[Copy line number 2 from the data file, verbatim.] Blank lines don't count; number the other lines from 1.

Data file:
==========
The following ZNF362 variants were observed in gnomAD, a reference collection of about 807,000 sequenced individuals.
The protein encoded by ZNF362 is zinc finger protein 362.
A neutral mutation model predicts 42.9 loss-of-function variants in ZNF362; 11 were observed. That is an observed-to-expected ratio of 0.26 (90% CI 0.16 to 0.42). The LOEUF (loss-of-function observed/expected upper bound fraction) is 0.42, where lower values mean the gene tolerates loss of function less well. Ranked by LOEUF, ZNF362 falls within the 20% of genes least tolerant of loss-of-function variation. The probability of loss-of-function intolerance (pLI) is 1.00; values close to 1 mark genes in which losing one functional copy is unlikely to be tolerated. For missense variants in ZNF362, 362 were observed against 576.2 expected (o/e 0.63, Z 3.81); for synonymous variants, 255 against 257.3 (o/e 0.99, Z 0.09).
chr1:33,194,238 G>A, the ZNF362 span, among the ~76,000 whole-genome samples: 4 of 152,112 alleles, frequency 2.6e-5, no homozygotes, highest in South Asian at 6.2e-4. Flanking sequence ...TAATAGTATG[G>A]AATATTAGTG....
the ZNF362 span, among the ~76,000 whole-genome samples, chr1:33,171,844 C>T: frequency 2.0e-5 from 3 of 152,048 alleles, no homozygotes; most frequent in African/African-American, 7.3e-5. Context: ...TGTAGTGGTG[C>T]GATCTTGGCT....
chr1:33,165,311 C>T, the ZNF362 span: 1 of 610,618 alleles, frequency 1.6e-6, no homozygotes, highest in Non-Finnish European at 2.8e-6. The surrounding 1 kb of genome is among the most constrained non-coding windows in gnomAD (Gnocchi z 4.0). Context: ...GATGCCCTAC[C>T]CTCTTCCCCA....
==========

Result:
The protein encoded by ZNF362 is zinc finger protein 362.